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Popow v. Wink Associates

Decided: December 27, 1993.


On appeal from Superior Court, Law Division, Union County.

Petrella, Conley and Villanueva, JJ. The opinion of the court was delivered by Petrella, P.J.A.D.


[269 NJSuper Page 520] This is an appeal by defendant Wink Associates, trading as The

Waiting Room, a tavern*fn1 in Rahway, New Jersey. More precisely, it is an appeal in which the tavern's general liability insurer seeks in large part to hold the tavern additionally liable on a ground that the jury found it not culpable, i.e., serving intoxicating liquor to plaintiff while he was visibly intoxicated. Viewed thusly it is partly an appeal by the tavern against itself. The purpose of the tavern's liquor law liability aspect of the appeal, which goes so far as to ask for a directed verdict finding itself liable on that point, is to draw in the tavern's liquor liability carrier with the aim of partially shifting and sharing responsibility for the molded damage award to plaintiff Daniel Popow of $50,000. To that extent the appeal involves a dispute between the tavern's two insurers, one of whom seeks to spread the risk.

Thus, we have the anomalous situation in this appeal of the tavern appearing, and being represented, as both an appellant and respondent, and two different insurance companies taking conflicting positions with respect to the viability of that part of the verdict that found the tavern not responsible for what may be called a liquor law connected tort. No party has challenged the damage award. Moreover, it was represented to us at oral argument by the attorney for the tavern provided by the liability insurance carrier, that it does not seek a new trial on the liquor law liability issue or on damages, but rather seeks a determination that as a matter of law a verdict should have been entered against the tavern (the insured client) on the liquor law liability count.*fn2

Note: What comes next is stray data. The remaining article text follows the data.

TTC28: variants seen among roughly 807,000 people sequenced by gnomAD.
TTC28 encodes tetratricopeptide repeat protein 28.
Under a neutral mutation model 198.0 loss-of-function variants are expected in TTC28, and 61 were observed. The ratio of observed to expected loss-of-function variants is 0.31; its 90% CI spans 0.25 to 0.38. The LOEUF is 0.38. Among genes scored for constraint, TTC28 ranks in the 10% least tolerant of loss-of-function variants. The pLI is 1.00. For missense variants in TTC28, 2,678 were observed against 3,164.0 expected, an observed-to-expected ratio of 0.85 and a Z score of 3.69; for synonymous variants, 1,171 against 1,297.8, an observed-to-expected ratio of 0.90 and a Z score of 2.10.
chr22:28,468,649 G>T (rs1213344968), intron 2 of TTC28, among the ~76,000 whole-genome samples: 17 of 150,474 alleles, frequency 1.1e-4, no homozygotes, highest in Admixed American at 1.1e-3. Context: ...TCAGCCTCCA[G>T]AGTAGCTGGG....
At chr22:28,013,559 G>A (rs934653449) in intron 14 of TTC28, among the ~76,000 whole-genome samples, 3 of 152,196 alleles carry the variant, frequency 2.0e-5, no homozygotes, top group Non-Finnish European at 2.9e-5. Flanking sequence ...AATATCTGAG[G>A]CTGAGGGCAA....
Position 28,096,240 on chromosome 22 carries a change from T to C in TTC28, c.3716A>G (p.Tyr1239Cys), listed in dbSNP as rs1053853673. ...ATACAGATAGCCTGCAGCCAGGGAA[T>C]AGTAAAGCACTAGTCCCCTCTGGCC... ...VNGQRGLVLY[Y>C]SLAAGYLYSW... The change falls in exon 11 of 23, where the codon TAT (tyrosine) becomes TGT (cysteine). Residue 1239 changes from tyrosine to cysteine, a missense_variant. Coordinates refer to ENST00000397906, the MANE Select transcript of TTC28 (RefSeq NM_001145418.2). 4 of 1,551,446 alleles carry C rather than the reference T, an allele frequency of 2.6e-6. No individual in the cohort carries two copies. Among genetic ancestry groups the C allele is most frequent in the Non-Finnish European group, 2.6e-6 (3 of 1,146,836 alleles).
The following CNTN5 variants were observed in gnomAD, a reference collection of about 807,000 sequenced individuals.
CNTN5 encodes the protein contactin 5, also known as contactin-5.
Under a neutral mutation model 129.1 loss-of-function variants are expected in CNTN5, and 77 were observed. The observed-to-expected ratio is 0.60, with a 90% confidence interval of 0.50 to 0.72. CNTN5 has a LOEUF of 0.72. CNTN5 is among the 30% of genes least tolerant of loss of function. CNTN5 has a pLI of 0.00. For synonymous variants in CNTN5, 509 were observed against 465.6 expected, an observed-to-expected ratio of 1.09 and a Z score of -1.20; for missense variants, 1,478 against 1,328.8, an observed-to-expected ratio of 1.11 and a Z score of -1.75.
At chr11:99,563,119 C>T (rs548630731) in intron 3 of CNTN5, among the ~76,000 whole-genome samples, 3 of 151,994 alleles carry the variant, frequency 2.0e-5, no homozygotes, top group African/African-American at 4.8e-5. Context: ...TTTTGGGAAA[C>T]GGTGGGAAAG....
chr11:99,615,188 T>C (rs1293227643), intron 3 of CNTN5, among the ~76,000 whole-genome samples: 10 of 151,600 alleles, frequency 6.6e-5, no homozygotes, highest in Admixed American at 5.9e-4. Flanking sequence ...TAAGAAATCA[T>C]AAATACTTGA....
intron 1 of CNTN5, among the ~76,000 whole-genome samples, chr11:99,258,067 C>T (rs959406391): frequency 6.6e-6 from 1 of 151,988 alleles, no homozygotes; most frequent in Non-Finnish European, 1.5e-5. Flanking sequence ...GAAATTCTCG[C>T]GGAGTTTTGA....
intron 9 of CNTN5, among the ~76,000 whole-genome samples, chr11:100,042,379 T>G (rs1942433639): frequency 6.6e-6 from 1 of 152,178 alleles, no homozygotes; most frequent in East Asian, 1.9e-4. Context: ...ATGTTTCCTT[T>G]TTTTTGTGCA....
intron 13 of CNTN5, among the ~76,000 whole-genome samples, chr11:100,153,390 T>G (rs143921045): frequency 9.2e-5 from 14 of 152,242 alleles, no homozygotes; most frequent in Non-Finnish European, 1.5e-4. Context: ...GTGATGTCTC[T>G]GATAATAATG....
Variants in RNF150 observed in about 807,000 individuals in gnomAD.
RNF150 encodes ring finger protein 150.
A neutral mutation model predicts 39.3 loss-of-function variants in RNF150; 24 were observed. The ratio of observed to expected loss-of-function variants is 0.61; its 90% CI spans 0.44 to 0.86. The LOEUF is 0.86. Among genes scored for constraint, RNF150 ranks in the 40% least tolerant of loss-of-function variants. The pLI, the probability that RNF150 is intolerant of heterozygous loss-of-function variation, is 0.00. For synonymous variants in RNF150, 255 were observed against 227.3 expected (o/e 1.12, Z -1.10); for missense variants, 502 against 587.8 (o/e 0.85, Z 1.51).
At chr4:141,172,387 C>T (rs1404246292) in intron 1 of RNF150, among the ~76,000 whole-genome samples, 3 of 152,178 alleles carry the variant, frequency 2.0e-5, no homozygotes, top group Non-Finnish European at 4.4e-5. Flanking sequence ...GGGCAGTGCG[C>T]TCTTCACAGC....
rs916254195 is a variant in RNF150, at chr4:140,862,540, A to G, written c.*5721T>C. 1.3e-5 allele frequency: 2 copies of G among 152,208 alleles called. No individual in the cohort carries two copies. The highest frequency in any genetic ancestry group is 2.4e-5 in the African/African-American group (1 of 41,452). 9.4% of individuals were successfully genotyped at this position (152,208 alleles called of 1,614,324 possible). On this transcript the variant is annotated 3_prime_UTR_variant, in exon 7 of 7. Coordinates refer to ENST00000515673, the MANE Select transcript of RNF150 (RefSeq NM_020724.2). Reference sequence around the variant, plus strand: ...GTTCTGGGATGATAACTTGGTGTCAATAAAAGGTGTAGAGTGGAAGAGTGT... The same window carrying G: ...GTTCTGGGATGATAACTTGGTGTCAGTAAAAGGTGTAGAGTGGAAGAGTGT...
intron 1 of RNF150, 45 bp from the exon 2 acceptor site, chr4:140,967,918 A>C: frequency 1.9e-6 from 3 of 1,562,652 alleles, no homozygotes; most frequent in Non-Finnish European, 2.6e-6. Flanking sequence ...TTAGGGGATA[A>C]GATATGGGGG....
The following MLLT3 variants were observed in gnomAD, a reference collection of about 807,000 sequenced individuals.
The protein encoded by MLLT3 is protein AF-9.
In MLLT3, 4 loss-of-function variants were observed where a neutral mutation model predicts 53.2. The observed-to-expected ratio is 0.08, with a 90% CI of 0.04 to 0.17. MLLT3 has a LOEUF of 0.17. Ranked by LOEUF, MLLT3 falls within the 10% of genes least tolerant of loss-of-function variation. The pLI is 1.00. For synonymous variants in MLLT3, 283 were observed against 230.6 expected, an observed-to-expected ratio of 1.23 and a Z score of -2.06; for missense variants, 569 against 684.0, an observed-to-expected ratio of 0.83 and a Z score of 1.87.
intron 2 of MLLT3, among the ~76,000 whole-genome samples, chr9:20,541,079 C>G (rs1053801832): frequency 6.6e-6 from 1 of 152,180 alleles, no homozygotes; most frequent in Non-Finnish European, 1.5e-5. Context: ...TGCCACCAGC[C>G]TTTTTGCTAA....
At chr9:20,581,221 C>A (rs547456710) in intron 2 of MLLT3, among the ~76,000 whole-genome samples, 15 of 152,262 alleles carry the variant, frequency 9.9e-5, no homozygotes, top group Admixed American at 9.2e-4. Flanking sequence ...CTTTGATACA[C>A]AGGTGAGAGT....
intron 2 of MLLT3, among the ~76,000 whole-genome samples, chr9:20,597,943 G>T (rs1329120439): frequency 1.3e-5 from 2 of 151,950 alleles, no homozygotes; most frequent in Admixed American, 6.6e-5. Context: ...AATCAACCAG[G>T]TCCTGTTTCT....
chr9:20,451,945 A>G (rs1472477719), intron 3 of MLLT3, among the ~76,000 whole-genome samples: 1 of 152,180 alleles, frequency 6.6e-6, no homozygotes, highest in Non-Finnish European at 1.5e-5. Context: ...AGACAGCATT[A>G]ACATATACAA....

The tavern also argues as a separate aspect of its appeal that there was an insufficient basis for a verdict of negligent supervision. This was the basis on which the tavern was found negligent.

Wink Associates' motion for a judgment notwithstanding the verdict, and in the alternative for a new trial on liability only, was denied.

Daniel Popow asserted three causes of action against The Waiting Room: (1) liquor law liability in that the tavern's agent (the bartender) served Heath alcohol while Heath was visibly intoxicated; (2) liquor law liability in that the bartender served Popow alcohol while Popow was visibly intoxicated; and (3) an allegation that the tavern had inadequate security to protect its patrons.


The facts may be briefly stated. The Waiting Room is a neighborhood tavern in Rahway, New Jersey. On the evening of October 30, 1987, the bartender on duty had then been employed at The Waiting Room for about four years.

At the time of this incident Popow was an admitted alcoholic. He had little memory of the night of the incident, presumably due to the injury received that night.*fn3 Popow contended that when he arrived at the Waiting Room he was sober. Once there, he had a conversation with a woman he knew. Although he does not remember ordering drinks that night at the tavern, he does remember Heath telling him to "step outside" after his conversation with the woman. Heath testified it was Popow who asked him to step outside, and Heath told him: "to leave me alone, to go away." Popow admitted that in his answers to interrogatories and depositions he said he was sober throughout the incident and that Heath was drunk. That theory of liability was initially pled against the tavern in the original complaint.